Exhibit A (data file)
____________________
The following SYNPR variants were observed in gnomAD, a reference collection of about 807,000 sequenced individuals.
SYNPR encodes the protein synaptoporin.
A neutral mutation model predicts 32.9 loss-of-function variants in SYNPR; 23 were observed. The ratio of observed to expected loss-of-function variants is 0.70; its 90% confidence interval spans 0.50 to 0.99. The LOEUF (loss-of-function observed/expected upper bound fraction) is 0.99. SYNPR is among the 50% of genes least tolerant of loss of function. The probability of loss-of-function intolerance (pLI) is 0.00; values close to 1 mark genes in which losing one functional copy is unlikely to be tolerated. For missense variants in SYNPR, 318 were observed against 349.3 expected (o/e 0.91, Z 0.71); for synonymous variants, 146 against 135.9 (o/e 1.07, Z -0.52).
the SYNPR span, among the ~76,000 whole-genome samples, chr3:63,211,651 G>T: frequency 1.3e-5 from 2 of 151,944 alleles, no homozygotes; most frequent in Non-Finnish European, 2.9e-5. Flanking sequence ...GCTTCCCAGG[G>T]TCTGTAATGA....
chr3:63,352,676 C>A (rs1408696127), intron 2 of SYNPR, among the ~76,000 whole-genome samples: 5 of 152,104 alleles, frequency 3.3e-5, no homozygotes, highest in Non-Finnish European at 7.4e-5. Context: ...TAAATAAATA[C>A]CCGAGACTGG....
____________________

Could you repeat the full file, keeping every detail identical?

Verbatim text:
The following SYNPR variants were observed in gnomAD, a reference collection of about 807,000 sequenced individuals.
SYNPR encodes the protein synaptoporin.
A neutral mutation model predicts 32.9 loss-of-function variants in SYNPR; 23 were observed. The ratio of observed to expected loss-of-function variants is 0.70; its 90% confidence interval spans 0.50 to 0.99. The LOEUF (loss-of-function observed/expected upper bound fraction) is 0.99. SYNPR is among the 50% of genes least tolerant of loss of function. The probability of loss-of-function intolerance (pLI) is 0.00; values close to 1 mark genes in which losing one functional copy is unlikely to be tolerated. For missense variants in SYNPR, 318 were observed against 349.3 expected (o/e 0.91, Z 0.71); for synonymous variants, 146 against 135.9 (o/e 1.07, Z -0.52).
the SYNPR span, among the ~76,000 whole-genome samples, chr3:63,211,651 G>T: frequency 1.3e-5 from 2 of 151,944 alleles, no homozygotes; most frequent in Non-Finnish European, 2.9e-5. Flanking sequence ...GCTTCCCAGG[G>T]TCTGTAATGA....
chr3:63,352,676 C>A (rs1408696127), intron 2 of SYNPR, among the ~76,000 whole-genome samples: 5 of 152,104 alleles, frequency 3.3e-5, no homozygotes, highest in Non-Finnish European at 7.4e-5. Context: ...TAAATAAATA[C>A]CCGAGACTGG....